But the film's in color, right?


October 24, 2007|By LAURA VOZZELLA

A man who made a fortune dressing women in black and white can afford to dream in Technicolor.

Rick Sarmiento, the former Baltimore Hyatt manager who launched The White House/Black Market clothing chain in 1985, has undergone another professional metamorphosis - into movie mogul.

Sarmiento sold the clothing chain to Chico's in 2003 and went on to start a movie company on Kent Island, where he lives. SarcoFilms just produced its first film, Heavy Petting, a romantic comedy written and directed by Sarmiento's nephew, Marcel Sarmiento. The movie premiered Saturday at the Hollywood Film Festival.

"I like movies," Sarmiento said. "I've always had this, I guess, dream, this nostalgia, to make a movie. I thought it would be a fun experience - the whole Hollywood thing and being creative and all that."

Sarmiento started the company four years ago after his nephew approached him with a script. The family connection is a bit of a "dilemma," Sarmiento said, since it might suggest "some little punk kid whose rich uncle threw him some money so he could make a movie."

Sarmiento said that's not the case. This is Marcel Sarmiento's first feature film, but he has collaborated on some off-Broadway plays. He also attended film school at NYU and, like Woody Allen, had the good sense to drop out.

"I'm not in the habit of just throwing money at things and hoping it sticks," Sarmiento said. Besides, "there's a lot of brothers in Hollywood that work together. You've got the Farrelly brothers. Doing business with your family is not exactly unknown."

The movie is described as a love triangle between a man, woman and her pet dog. It stars Malin Akerman, Brendan Hines, Kevin Sussman and Casper, a mutt who happens to be black-and-white.

Next up for SarcoFilms is another work by Marcel. They hope to release horror movie DeadGirl next year.

Between movies, Sarmiento has managed to take up yet another line of work by opening a restaurant on Kent Island. R's Americantina claims to be "the nation's first and only wood-fired Mexican restaurant."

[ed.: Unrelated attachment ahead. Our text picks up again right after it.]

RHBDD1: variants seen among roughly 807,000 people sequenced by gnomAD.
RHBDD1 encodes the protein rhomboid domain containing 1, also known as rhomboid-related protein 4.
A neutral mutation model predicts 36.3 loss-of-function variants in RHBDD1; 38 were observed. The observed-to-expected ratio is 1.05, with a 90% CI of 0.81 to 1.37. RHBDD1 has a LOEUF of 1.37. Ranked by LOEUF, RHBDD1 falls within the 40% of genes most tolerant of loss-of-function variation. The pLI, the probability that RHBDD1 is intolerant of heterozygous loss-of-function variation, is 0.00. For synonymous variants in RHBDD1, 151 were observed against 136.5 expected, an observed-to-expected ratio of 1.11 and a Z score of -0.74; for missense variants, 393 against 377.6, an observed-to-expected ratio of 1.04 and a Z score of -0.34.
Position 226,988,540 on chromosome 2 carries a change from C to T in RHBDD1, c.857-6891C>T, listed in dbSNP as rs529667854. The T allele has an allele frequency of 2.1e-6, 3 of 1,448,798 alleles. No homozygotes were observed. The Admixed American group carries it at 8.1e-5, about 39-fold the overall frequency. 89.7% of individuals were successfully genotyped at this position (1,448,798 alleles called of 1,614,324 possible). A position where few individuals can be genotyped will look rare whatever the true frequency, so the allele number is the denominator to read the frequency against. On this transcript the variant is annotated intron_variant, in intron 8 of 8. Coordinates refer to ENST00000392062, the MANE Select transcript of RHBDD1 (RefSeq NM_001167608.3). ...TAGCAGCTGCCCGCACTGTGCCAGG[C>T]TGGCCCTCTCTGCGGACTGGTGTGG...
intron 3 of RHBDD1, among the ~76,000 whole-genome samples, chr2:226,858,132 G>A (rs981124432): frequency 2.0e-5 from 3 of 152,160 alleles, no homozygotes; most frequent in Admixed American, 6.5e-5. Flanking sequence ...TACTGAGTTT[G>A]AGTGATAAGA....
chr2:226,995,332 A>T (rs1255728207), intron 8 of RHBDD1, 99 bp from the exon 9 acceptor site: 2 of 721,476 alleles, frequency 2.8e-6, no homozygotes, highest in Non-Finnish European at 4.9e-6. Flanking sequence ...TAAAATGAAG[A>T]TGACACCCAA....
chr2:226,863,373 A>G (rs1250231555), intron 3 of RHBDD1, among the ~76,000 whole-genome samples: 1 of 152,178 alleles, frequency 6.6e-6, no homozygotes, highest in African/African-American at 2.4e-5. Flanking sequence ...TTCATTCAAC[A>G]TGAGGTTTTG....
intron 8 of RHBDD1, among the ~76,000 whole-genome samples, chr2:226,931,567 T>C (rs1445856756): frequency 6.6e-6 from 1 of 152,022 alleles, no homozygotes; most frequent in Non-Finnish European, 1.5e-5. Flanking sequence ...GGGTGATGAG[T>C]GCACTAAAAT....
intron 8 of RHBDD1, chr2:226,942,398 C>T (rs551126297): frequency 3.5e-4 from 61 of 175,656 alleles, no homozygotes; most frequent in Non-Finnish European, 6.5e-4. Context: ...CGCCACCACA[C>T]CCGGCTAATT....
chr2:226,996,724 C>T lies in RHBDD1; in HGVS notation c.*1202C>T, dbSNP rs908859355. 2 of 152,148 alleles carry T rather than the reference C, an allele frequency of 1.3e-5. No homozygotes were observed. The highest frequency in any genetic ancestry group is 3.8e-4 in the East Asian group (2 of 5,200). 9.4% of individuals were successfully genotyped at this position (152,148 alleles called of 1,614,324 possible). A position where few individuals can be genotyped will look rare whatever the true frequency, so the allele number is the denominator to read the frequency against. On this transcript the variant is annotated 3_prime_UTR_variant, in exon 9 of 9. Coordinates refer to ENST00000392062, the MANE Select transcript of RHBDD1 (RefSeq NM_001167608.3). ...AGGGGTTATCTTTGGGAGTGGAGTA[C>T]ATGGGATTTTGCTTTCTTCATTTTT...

"I'm supposed to be retired," said Sarmiento, 63. "But I'm doing a lousy job at it."

Pay bills, show up, dance with daughter

Grim state finances and yet another a slots battle aren't the only things on Mike Miller's dance card. Before the special session starts Monday, the Senate president has a date to give away his youngest daughter, Amanda. She gets married Saturday at St. Mary's Church in Annapolis.

Marylanders fretting about the state of the state need not worry that Miller is tied up making Jordan almond party favors or fielding last-minute phone calls from the caterer and band. His wife, Patti, is in charge of all the details.

"I asked him, `Please, just come,'" she said. "`Pay the bills and come.'"

But Miller is sweating the father-daughter dance.

"`That father-daughter dance, make sure it's short and sweet,'" Patti Miller said her husband told her. "`I don't want to look like a fool out there.'"

It's not that Miller is a bad dancer. He's just a big crier.

"He gets very emotional," Patti Miller said. "This is his baby."

The Millers have five children. The first four - a boy, a girl, then twin girls - all arrived in the space of two years and a month. Nine years later, a surprise named Amanda joined the clan. Everyone doted on the baby, the Senate president said.

"She could never tell a lie, never tell a fib," Mike Miller said. "She's a child, teachers would call up and say, `Thank you,'" for sending her to their classes.

Today, the bride-to-be is a special education teacher at Jacobsville Elementary School in Pasadena. The groom, Alan Stokely, is an aeronautical engineer.

Their reception will be in the Senate office building. (No, the venue isn't open to regular citizens, but the Senate president will pay for all the cleanup.)

Gov. Martin O'Malley is expected to attend, along with a few Senate and House members. (Mike Busch did not make the guest list.)

Get the number of that patrol car

The Charles Village Community Benefits District has a "safety team" that looks for lawbreakers. But for months, the group was on the wrong side of the law, patrolling the district in a vehicle with expired plates.

At a meeting last month, Steve Gewirtz, a benefits district board member, questioned executive director David Hill about the plates, which had expired in June.

"His explanation was General Motors is the outfit they lease from and they're waiting for GM to send them a copy of the title to renew it," Gewirtz said. "It just seems strange - it's three months. It can't take three months to get the documents to register a vehicle you're leasing."

Hill confirmed the account, but said he eventually took the vehicle off the road.

The vehicle finally has new tags, but Gewirtz is still scratching his head. "It's very goofy."

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